Neo-psychedelia

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Neo-psychedelia (or acid punk)[2] is a diverse subgenre of alternative/indie rock that originated in the 1970s as an outgrowth of the British post-punk scene. Its practitioners drew from the unusual sounds of 1960s psychedelic music, either updating or copying the approaches from that era. Neo-psychedelia may include forays into psychedelic pop, jangly guitar rock, heavily distorted free-form jams, or recording experiments.[1]

Characteristics[edit]

Neo-psychedelic acts borrowed a variety of elements from 1960s psychedelic music. Some emulated the psychedelic pop of bands like the Beatles and early Pink Floyd, others adopted Byrds-influenced guitar rock, or distorted free-form jams and sonic experimentalism of the 1960s.[1] Some neo-psychedelia has been explicitly focused on drug use and experiences,.[1] and like contemporaneous acid house, projects transitory, ephemeral, and trance-like experiences.[3] Other bands have used neo-psychedelia to accompany surreal or political lyrics.[1]

History[edit]

1970s–80s[edit]

Neo-psychedelia, or as they're calling it in England, acid punk ... is one of the two strongest trends in new wave music ... While this may seem a paradox, since punk was largely a backlash against '60s drug culture, in fact acid rock in the '60s was originally a spinoff of that decade's "punk rock" scene.

Greg Shaw writing in Billboard, January 1978[2]

Psychedelic rock declined towards the end of the 1960s, as bands broke up or moved into new forms of music, including heavy metal music and progressive rock.[4] In the late 1970s, bands of the post-punk scene, including the Teardrop Explodes, Echo & the Bunnymen, The Soft Boys, drew from the sound of 1960s psychedelia,[1] In the US in the early 1980s these bands were joined by the Paisley Underground movement, based in Los Angeles, with acts like The Dream Syndicate, The Bangles and Rain Parade.[5] In the 1980s and 1990s there were occasional mainstream acts that dabbled in neo-psychedelia, including Prince's mid-1980s work and some of Lenny Kravitz's 1990s output, but neo-psychedelia has mainly been the domain of alternative and indie rock bands.[1]

My Bloody Valentine performing in 2008

Influenced by house music, northern soul and funk, a less nostalgic brand of neo-psychedelia, dubbed "scallydelia", developed in the late 1980s among alternative rock bands of the Madchester scene, including The Stone Roses, Inspiral Carpets and The Farm.[6][additional citation needed] The late 1980s would see the birth of shoegazing, which, among other influences, took inspiration from 1960s psychedelia.[7] Critic Simon Reynolds referred to this movement as "a rash of blurry, neo-psychedelic bands" in a 1992 article in The Observer.[7] With loud walls of sound, where individual instruments and even vocals were often indistinguishable, they followed the neo-psychedelic lead of bands like My Bloody Valentine (often considered as the earliest shoegaze act).[8] Major shoegaze acts included Ride, Lush, Chapterhouse, and The Boo Radleys, who enjoyed considerable attention in the UK but largely failed to break through in the US.[9]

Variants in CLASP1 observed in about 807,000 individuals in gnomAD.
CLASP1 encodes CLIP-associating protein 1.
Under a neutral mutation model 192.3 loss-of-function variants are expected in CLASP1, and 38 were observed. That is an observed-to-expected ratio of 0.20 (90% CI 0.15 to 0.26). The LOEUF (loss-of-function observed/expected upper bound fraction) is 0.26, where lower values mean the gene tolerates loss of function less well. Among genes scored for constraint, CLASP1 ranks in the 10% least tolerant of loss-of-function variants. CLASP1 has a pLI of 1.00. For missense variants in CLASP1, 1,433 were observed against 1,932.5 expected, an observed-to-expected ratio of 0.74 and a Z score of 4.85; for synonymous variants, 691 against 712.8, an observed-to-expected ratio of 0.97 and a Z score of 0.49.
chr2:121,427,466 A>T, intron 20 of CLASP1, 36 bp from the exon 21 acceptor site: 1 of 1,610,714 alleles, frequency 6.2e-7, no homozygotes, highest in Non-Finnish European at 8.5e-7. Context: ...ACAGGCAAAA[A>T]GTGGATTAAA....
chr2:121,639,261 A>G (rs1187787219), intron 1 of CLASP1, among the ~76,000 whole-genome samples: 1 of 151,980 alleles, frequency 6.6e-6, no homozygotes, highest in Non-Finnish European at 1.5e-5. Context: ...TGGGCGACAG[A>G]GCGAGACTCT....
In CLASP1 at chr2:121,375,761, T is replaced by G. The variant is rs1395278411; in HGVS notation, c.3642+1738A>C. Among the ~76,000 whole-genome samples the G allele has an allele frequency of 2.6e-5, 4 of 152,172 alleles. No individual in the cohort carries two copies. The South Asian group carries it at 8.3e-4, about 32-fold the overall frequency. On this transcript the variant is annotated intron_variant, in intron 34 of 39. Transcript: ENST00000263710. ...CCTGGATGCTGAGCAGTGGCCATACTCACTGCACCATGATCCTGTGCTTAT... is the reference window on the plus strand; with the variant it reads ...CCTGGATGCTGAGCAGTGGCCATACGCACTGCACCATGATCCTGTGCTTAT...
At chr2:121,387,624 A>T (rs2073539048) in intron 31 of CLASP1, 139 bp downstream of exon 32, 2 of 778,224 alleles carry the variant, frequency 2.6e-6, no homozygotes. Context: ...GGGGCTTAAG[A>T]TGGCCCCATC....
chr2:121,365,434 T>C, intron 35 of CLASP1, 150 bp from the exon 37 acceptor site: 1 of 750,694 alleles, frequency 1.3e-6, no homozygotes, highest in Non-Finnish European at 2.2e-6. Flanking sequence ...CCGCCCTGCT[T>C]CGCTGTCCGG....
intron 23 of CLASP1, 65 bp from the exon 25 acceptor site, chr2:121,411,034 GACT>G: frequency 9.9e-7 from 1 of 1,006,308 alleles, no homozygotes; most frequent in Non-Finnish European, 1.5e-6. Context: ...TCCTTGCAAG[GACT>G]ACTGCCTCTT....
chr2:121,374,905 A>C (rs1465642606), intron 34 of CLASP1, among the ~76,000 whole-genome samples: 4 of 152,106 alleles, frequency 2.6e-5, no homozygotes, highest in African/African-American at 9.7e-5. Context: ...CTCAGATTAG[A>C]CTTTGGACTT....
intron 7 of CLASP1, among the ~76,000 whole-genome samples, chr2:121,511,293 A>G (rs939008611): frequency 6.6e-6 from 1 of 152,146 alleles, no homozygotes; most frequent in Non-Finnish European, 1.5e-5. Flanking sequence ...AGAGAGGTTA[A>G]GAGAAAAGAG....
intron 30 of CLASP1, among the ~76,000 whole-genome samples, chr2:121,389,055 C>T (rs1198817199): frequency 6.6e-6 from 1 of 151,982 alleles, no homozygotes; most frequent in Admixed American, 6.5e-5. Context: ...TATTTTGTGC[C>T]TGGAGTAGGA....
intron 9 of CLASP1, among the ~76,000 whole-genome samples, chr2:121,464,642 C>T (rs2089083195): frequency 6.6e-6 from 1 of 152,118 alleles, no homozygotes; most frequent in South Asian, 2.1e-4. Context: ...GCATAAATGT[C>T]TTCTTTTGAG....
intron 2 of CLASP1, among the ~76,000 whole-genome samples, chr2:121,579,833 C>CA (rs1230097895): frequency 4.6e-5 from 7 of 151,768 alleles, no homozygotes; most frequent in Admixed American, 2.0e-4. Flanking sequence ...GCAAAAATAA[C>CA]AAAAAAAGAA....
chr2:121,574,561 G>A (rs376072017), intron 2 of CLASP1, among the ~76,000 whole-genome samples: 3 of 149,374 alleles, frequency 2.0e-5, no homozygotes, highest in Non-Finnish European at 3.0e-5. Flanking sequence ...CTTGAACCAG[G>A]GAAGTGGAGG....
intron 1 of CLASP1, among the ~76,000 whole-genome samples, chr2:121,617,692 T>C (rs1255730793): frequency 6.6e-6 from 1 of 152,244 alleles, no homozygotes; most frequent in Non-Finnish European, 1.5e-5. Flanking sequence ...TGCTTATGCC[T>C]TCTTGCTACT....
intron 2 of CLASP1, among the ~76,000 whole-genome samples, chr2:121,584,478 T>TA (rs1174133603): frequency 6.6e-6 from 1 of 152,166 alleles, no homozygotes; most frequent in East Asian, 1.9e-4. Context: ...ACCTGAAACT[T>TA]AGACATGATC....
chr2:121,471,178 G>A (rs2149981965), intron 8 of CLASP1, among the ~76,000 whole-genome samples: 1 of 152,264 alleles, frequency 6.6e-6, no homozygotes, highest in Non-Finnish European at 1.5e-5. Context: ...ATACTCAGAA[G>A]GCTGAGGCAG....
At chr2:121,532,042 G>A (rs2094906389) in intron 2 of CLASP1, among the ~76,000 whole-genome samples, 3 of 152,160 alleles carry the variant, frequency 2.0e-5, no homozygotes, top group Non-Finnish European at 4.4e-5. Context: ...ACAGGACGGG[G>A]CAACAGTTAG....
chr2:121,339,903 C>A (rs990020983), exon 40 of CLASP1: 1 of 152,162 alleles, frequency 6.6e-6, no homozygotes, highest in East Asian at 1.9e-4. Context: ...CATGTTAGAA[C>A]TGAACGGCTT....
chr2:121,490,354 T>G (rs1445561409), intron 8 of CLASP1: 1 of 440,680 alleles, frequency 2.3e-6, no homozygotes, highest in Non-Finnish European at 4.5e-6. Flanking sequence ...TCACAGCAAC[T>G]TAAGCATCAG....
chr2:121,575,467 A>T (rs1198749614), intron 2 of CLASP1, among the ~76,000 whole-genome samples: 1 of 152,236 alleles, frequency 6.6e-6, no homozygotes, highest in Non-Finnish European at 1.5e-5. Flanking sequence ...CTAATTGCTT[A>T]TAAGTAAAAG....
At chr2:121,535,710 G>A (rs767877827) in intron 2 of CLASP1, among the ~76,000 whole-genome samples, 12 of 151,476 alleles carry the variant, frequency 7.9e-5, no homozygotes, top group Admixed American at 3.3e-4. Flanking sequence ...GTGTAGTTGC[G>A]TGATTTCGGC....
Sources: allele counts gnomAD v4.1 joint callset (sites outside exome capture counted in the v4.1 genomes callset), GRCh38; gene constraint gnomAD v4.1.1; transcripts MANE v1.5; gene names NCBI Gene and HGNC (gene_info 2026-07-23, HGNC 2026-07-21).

1990s–present[edit]

AllMusic states: "Aside from the early-'80s Paisley Underground movement and the Elephant 6 collective of the late '90s, most subsequent neo-psychedelia came from isolated eccentrics and revivalists, not cohesive scenes." They go on to cite what they consider some of the more prominent artists: the Church, Nick Saloman's Bevis Frond, Spacemen 3, Robyn Hitchcock, Mercury Rev, the Flaming Lips, and Super Furry Animals.[1]

References[edit]

  1. ^ a b c d e f g h i j k "Neo-Psychedelia". AllMusic. n.d. 
  2. ^ a b Shaw, Greg (Jan 14, 1978). "New Trends of the New Wave". Billboard. Retrieved 23 November 2015. 
  3. ^ Smith 1997, p. 138.
  4. ^ "Psychedelic rock", Allmusic, retrieved 27 January 2011.
  5. ^ R. Unterberger, S. Hicks and J. Dempsey, Music USA: the Rough Guide (London: Rough Guides, 1999), ISBN 1-85828-421-X, p. 401.
  6. ^ P. Smith "Playing for England", in A. DeCurtis, ed., Present Tense: Rock and Roll and Culture (Duke University Press, 1992), ISBN 0-8223-1265-4, pp. 109–10.
  7. ^ a b Patrick Sisson, "Vapour Trails: Revisiting Shoegaze", XLR8R no. 123, December 2008
  8. ^ S. Reynolds, "It's the Opposite of Rock 'n' Roll", SPIN, August 2008, pp. 78–84.
  9. ^ "Shoegaze", Allmusic, retrieved 26 January 2011.

Bibliography[edit]